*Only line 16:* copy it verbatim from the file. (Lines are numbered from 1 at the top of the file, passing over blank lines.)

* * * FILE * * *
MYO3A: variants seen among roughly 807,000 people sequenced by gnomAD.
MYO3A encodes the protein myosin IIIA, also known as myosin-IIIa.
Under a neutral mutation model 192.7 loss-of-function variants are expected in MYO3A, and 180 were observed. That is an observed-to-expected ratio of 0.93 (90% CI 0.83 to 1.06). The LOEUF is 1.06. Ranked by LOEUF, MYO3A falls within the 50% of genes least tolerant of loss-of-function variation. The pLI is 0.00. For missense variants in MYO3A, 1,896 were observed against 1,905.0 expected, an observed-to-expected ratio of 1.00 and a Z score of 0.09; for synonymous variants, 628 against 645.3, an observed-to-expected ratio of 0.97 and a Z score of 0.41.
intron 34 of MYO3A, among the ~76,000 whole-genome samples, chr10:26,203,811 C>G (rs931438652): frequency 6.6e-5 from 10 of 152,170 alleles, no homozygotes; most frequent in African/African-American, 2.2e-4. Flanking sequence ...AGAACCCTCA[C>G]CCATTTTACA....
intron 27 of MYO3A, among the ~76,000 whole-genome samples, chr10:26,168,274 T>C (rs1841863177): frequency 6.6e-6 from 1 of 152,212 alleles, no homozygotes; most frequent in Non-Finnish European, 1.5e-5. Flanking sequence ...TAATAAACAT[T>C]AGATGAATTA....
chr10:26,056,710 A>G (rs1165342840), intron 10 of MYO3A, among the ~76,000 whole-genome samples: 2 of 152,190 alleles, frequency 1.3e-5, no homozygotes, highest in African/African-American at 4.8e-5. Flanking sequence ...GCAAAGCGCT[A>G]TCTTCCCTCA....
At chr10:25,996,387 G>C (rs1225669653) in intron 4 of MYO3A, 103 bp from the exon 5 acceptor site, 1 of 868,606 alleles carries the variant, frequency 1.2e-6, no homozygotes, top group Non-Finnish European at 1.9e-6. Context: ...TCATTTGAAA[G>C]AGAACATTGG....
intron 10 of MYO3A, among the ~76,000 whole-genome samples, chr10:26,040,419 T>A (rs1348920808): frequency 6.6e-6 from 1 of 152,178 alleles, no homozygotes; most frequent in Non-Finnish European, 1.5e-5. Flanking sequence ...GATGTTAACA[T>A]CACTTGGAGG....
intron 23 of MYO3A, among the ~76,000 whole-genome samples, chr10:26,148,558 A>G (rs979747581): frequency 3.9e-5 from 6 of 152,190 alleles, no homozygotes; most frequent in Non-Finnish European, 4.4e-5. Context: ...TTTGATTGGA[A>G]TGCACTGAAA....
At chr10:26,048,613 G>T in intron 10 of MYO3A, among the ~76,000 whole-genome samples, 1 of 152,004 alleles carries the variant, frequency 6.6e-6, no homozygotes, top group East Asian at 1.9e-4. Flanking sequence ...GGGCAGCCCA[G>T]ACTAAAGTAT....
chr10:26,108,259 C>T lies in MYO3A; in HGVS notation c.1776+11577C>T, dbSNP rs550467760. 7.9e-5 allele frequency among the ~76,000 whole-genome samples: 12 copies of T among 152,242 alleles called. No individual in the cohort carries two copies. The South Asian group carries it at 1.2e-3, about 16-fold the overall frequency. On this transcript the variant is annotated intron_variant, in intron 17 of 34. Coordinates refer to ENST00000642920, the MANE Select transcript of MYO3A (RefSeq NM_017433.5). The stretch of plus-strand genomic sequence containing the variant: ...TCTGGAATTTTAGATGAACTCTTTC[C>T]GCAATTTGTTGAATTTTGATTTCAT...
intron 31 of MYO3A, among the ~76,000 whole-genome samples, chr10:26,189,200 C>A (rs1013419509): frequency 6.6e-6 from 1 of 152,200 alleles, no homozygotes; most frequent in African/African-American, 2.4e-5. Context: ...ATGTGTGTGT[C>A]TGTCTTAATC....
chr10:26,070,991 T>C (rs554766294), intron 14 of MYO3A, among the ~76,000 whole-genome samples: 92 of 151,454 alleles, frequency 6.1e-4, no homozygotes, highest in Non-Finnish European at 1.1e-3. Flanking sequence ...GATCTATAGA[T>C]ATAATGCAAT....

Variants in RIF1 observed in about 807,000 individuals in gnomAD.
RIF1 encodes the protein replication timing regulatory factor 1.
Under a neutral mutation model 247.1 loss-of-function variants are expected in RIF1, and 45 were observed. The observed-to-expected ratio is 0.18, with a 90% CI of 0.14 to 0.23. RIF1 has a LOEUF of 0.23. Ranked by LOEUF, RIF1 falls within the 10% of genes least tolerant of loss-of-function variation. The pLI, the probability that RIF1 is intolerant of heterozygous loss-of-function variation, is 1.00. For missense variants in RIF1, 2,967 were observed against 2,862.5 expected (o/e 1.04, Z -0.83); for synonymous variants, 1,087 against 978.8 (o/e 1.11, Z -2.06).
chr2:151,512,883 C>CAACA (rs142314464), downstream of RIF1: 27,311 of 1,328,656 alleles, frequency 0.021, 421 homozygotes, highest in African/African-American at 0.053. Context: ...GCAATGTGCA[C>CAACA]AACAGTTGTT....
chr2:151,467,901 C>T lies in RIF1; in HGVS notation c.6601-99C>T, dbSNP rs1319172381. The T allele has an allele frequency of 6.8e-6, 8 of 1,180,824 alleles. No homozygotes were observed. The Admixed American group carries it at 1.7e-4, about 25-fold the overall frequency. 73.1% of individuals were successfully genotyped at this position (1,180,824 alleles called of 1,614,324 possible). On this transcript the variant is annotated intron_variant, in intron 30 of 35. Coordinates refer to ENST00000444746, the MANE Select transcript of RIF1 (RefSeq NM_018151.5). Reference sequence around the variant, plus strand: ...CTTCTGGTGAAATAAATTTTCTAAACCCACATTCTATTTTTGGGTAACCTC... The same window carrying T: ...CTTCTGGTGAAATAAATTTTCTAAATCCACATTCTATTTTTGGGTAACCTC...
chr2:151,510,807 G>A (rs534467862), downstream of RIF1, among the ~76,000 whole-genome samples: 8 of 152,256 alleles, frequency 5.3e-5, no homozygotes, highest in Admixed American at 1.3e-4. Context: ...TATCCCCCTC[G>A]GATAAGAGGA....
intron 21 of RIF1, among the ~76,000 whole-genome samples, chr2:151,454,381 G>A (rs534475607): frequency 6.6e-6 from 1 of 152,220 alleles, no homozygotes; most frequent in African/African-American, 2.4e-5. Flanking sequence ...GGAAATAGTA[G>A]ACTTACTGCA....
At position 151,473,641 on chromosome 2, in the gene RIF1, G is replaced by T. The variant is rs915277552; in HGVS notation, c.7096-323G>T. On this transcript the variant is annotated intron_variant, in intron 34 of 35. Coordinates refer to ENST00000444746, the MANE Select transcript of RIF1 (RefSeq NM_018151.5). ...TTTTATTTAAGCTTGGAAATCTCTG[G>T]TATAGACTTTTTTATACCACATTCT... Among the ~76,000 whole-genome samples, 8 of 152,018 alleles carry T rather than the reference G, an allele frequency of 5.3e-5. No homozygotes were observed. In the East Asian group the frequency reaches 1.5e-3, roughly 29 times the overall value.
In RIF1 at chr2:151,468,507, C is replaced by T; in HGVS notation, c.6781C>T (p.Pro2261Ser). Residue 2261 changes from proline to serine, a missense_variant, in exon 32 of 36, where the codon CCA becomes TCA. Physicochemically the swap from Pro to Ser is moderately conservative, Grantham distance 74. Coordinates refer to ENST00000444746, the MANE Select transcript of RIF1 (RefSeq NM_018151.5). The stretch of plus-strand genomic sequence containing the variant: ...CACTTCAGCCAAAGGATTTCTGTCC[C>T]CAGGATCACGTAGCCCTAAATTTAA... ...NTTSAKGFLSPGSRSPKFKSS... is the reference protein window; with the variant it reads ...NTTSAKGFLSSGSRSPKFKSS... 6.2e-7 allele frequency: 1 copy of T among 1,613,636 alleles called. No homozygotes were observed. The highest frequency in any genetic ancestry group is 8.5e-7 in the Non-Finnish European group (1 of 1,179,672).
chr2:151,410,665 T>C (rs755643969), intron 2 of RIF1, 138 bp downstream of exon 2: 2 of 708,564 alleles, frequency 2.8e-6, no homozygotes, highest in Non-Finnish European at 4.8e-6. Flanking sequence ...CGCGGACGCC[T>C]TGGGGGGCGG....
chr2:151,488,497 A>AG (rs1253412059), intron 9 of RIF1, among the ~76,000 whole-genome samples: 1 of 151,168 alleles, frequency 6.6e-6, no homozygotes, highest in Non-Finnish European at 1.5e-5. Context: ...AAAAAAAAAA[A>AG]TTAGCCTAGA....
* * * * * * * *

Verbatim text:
Under a neutral mutation model 247.1 loss-of-function variants are expected in RIF1, and 45 were observed. The observed-to-expected ratio is 0.18, with a 90% CI of 0.14 to 0.23. RIF1 has a LOEUF of 0.23. Ranked by LOEUF, RIF1 falls within the 10% of genes least tolerant of loss-of-function variation. The pLI, the probability that RIF1 is intolerant of heterozygous loss-of-function variation, is 1.00. For missense variants in RIF1, 2,967 were observed against 2,862.5 expected (o/e 1.04, Z -0.83); for synonymous variants, 1,087 against 978.8 (o/e 1.11, Z -2.06).